The most amusing part of this book about the Swiss creator of comic albums – or "graphic novels" as they are now rather pompously called in many circles – was the idea that he created comics because he was a pretty good writer and a pretty good artist, but not able to make a full career out of either, because that is what Charles Schulz said about his own tremendous success with "Peanuts". Unfortunately, that's about as amusing as it gets, because while Kunzle is undoubtably knowledgeable on his subject, he's chosen to structure the book in a way that makes it less accessible, and his writing would have been well served by being less convoluted and having fewer speculations on this and that inserted here and there.
Now, were I to write a book analyzing a comics creator's oeuvre, I'd probably do it the traditional and somewhat boring way: start by describing the works to be analyzed; then analyze its protagonists and themes that pop up in it, etc; and then perhaps look at some IMO interesting details. It's the safe, if somewhat boring, way to do it.
Instead, Kunzle jumps right into enumerating the themes he's found in Töpffer's work, before dealing with the stories themselves. For somebody who hasn't already read them, that sort of leaves you hanging a bit. (Having compiled, translated and annotated an edition of Töpffer's comics, perhaps Kunzle was just too intimately knowledgeable of them to distance himself sufficiently from his text to give due consideration to the fact that not all of his readers would share his knowledge of the stories.) Also, Töpffer's biography is given sort of "as the criticism rolls along", not in a chapter of its own, which I think would have made more sense.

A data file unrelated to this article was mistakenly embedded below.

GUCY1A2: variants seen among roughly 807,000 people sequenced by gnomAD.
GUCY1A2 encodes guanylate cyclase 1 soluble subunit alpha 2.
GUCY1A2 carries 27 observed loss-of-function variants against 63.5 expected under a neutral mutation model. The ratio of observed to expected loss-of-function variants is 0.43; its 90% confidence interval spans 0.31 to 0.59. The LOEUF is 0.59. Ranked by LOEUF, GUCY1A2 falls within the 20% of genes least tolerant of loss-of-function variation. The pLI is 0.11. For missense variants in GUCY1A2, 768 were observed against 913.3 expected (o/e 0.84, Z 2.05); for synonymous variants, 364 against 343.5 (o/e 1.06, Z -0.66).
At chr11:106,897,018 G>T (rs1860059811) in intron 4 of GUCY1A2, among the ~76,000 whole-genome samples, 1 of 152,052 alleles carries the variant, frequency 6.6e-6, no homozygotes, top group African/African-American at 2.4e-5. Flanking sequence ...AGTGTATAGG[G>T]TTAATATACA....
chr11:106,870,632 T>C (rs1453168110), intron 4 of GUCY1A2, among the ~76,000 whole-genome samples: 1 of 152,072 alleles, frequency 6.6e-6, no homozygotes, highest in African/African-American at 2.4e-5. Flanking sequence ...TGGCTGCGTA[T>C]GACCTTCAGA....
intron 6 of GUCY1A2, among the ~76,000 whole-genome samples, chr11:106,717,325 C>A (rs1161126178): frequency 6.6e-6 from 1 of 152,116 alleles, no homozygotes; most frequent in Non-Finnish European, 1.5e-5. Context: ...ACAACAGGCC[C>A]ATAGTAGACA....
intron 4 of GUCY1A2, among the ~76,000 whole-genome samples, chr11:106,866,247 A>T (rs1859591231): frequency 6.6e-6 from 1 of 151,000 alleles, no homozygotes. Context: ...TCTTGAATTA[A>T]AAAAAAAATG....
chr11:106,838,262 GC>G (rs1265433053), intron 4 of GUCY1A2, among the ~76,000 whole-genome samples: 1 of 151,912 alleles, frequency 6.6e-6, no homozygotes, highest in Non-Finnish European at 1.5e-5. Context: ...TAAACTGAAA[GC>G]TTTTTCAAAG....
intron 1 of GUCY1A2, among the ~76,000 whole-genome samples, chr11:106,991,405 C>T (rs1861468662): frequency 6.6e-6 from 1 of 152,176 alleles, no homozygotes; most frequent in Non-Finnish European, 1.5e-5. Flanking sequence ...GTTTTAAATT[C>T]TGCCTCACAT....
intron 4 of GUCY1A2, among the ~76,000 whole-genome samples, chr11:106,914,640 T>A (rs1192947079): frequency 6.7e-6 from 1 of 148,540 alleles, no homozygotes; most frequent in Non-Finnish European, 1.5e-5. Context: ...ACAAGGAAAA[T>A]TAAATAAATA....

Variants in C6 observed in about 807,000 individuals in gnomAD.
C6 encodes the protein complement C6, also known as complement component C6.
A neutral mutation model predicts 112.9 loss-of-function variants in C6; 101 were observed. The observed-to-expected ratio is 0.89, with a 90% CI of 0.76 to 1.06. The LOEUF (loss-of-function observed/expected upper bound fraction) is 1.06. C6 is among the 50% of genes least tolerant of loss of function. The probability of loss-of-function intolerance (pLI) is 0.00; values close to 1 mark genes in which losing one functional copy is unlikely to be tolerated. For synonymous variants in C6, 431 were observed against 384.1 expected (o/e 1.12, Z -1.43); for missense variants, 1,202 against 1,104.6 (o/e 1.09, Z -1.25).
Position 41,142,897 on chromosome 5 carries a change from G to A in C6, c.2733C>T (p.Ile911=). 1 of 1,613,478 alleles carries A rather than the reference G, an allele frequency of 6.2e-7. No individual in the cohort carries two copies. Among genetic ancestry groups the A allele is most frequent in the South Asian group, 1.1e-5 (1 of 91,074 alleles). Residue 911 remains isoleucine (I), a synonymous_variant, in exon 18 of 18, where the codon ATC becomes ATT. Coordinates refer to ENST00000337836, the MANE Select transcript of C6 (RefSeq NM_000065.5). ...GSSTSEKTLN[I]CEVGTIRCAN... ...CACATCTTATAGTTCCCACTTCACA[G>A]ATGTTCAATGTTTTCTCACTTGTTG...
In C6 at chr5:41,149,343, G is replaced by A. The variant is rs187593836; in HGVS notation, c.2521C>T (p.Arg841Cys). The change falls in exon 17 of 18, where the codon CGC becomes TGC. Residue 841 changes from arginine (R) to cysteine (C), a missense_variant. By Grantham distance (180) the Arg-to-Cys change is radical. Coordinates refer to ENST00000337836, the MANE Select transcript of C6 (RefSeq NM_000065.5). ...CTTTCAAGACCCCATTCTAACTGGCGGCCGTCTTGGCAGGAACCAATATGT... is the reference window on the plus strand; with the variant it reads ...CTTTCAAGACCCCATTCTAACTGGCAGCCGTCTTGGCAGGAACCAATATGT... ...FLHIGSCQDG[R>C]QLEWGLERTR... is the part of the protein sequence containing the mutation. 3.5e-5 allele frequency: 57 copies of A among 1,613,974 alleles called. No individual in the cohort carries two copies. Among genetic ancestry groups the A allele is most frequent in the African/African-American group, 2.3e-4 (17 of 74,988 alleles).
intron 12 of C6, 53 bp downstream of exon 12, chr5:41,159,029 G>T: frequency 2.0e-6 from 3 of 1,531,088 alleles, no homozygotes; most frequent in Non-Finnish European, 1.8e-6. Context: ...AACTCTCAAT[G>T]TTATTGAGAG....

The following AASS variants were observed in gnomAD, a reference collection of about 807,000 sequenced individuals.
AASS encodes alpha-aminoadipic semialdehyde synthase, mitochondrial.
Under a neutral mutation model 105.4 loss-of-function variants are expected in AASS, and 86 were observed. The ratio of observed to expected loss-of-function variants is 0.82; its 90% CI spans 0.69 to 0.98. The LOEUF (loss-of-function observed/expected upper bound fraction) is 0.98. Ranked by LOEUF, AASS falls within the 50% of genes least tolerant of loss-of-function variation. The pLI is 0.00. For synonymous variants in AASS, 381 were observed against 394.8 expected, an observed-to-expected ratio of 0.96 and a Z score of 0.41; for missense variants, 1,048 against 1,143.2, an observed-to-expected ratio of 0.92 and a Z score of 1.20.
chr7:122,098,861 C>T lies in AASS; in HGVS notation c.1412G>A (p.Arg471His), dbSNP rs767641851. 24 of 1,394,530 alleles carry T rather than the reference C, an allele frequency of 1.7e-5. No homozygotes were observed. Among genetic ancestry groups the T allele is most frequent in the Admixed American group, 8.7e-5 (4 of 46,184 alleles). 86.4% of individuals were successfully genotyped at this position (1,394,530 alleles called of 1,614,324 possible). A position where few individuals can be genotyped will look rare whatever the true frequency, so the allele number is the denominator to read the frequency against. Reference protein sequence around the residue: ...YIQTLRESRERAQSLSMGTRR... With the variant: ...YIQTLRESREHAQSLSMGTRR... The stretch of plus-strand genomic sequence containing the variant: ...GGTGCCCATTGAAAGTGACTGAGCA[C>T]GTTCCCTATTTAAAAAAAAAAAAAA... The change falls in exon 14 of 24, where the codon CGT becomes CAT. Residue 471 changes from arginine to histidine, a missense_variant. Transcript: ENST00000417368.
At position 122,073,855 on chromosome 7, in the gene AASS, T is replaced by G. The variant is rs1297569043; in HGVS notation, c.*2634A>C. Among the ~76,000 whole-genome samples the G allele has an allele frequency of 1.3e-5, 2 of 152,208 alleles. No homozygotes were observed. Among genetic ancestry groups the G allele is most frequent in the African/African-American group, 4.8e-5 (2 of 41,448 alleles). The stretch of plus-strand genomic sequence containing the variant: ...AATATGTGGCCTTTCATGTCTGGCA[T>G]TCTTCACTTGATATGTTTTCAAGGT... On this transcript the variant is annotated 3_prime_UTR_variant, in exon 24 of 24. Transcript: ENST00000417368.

Another problem is his language. I don't know how many learned books about comics I've read that have lost part of their value to me because of unnecessarily meandering language. You want to learn how to write legibly about comics without the text losing any of its analytical/informational value? Read Brian Walker's excellent The Comics, or just about anything by Frederik Schodt; their writing is crisp and clear, and that detracts nothing from the quality of their thinking. Kunzle, OTOH, obscures his own reasoning with unnecessarily complicated language and sometimes not particularly relevant speculations – and, in one case, a dig against the Bush administration. (I certainly think that particular dig was well-deserved – in fact, I could think of quite a number of other digs that the Bush administration would deserve – but it's so completely out of place in a critical analysis of Rodolphe Töpffer's comics that it just stopped me in my tracks for a moment, thus detracting from what the book is supposed to be doing; namely, educating the reader about Töpffer and his comics.)
Anyway, I'll give an example of both the language and the speculation, so that you can judge for yourself:
"The scenario by which the blameless petty bourgeois is 'exposed' (accused of a crime, found naked, in itself an offense) plays on the shame and confusion surrounding the ethics of getting on – in business, in the world, where all is appearance anyway. Trictrac is Töpffer's comedy (or farce) par excellence of mistaken identities, his classic vis comica, involving abrupt and often involuntary switches of costume. These are symptoms of the flux of social roles in the real world, of temptations and pitfalls, of the need to appear as something other than what one is, or was, and the tendency to be taken for what one is not.
The petty-bourgeois fascination with the criminal, who stalks tall through the nineteenth-century popular novel, the man from the margins capable of great acts of power, like the Count of Monte Cristo, is a fantasy of those excluded from power, or given paltry symbols of it, like the grocer-national guardsman. To imagine oneself arrested as a petty criminal is thus a deterrent against, or advance punishment for, harboring criminal fantasies."
Apart from the somewhat dubious psychological theories, I think most of those sentences could be improved by removing 10-15% of them (and I say that as someone who is constantly struggling to not overload my own sentences with words and clauses).